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Riboswitches are a rather elegant way to regulate gene expression without any additional machinery. A small ligand binds to the mRNA and directly influences transcription or translation.

Most of the known riboswitches are found in bacteria, there are few examples of riboswitches in eukaryotes. There are no classical riboswitches in humans as far as I know (there is one example, but triggered by a protein and not a metabolite), it seems that more complex organisms tend to use other methods of gene regulation.

Are there any known reasons for this? What are the drawbacks of regulating gene expression with riboswitches compared to using regulatory proteins? Is there an explanation for the lack of riboswitches in more complex organisms?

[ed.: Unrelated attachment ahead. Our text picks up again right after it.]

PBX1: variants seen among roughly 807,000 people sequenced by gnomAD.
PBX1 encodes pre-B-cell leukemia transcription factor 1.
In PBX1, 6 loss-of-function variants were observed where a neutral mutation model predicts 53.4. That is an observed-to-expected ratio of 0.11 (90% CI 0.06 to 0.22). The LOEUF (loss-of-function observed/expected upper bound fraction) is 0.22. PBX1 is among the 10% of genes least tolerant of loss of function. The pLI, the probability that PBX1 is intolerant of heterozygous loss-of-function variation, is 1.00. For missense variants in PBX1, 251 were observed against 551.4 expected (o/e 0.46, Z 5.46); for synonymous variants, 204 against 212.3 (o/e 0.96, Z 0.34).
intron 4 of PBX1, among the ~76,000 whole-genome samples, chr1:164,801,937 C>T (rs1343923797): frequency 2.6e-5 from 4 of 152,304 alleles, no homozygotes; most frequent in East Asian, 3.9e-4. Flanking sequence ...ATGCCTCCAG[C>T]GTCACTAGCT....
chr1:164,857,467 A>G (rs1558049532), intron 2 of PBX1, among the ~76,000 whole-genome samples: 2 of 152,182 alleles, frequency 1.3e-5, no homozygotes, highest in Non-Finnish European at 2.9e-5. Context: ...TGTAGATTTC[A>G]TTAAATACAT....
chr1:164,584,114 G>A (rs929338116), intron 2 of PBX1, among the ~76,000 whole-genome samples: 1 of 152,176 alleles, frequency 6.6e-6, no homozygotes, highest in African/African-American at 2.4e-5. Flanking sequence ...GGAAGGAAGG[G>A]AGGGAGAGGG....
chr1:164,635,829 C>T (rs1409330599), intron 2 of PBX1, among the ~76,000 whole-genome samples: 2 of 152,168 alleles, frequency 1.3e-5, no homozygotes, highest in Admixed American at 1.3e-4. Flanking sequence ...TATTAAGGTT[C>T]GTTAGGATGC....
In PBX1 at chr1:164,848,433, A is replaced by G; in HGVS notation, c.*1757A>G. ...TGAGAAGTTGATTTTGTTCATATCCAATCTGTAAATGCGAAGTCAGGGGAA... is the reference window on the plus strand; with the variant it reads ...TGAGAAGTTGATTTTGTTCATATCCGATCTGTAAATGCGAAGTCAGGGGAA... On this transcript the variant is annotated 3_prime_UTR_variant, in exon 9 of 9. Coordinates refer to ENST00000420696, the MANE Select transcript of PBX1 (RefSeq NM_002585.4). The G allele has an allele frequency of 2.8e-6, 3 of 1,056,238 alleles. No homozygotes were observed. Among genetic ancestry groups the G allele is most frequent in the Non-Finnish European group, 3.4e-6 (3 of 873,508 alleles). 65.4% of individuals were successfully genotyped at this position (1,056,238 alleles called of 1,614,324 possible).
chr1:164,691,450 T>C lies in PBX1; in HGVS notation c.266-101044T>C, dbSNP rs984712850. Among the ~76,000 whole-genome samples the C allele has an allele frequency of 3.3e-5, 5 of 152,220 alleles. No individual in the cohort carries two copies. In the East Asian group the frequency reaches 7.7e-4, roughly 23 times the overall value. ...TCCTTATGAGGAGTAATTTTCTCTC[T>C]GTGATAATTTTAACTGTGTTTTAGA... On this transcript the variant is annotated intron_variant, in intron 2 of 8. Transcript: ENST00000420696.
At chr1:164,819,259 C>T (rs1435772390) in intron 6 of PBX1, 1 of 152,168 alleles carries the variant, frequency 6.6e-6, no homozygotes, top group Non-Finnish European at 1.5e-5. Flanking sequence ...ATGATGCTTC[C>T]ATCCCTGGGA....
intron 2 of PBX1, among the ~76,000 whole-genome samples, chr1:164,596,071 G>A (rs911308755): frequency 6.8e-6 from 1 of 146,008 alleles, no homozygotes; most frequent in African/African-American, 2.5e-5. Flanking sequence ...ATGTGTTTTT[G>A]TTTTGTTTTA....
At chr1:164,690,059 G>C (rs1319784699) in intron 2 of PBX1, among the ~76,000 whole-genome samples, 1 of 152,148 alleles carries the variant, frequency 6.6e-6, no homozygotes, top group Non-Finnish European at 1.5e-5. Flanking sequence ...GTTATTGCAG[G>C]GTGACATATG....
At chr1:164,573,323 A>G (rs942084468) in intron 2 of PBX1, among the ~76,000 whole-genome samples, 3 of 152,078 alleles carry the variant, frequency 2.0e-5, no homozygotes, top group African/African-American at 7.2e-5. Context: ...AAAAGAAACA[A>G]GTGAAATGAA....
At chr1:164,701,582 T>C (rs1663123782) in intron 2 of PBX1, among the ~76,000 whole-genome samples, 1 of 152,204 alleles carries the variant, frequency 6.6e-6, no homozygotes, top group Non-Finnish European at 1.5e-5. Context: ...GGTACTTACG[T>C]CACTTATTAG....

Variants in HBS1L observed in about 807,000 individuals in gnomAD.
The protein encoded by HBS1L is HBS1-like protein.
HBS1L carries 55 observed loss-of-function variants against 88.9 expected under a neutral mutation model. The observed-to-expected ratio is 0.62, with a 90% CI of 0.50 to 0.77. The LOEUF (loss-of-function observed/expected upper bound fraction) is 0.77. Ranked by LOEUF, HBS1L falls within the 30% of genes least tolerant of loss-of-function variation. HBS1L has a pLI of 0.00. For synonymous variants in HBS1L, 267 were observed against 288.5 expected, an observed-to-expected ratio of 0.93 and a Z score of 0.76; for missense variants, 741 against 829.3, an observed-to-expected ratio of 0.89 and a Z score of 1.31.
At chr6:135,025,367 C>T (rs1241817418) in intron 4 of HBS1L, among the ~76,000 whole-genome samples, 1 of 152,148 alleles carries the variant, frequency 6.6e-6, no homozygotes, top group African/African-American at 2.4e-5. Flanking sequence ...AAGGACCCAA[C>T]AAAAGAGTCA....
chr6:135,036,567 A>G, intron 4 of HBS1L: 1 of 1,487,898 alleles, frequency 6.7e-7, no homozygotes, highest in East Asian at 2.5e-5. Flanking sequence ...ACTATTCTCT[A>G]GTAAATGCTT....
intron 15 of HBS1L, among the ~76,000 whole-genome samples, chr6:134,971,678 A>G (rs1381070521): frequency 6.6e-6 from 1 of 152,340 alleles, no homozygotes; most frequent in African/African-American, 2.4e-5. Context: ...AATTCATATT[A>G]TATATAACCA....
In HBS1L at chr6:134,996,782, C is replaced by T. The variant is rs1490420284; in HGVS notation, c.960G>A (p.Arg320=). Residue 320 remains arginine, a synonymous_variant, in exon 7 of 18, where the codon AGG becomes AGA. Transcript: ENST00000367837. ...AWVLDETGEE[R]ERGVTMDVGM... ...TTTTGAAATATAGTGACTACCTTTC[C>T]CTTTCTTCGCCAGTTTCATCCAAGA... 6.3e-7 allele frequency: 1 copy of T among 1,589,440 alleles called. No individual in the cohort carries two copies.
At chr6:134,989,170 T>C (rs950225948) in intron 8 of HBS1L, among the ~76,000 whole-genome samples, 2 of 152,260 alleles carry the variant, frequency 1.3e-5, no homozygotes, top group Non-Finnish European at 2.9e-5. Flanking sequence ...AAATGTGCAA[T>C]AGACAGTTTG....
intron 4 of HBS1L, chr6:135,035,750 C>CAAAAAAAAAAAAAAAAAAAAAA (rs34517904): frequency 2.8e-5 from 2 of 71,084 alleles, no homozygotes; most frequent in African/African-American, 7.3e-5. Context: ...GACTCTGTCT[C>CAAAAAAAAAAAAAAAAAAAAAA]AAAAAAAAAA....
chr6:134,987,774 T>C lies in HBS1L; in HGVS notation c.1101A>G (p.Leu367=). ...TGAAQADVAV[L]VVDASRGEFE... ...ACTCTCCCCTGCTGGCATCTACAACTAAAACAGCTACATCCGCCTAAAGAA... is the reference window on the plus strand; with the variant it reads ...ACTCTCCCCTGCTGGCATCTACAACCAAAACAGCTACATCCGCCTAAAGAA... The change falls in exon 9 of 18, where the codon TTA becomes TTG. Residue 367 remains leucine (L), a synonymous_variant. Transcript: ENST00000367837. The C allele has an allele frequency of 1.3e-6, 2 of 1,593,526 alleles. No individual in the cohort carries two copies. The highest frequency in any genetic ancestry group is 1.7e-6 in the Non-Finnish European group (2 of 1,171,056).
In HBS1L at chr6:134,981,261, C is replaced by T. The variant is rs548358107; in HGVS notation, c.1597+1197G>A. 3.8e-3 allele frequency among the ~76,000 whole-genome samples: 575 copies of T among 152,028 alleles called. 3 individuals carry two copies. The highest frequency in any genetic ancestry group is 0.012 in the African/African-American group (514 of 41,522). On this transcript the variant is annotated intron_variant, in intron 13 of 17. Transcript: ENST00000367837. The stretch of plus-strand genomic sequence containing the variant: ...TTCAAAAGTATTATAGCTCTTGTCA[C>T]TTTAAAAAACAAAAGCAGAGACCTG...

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You get higher accuracy and more timely control at a post translational level (think about the time it takes to affect a pathway with cofactor stimulation compared to gene expression stimulation). You also have more points of control throughout the pathway if you affect activity post translationally allowing for a more complex interaction between stimulating and repressing factors.

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  • $\begingroup$ This may or may not be true. However it doesn't answer the question of "why bacteria and not eukaryotes?" $\endgroup$ – David Aug 18 '17 at 20:41

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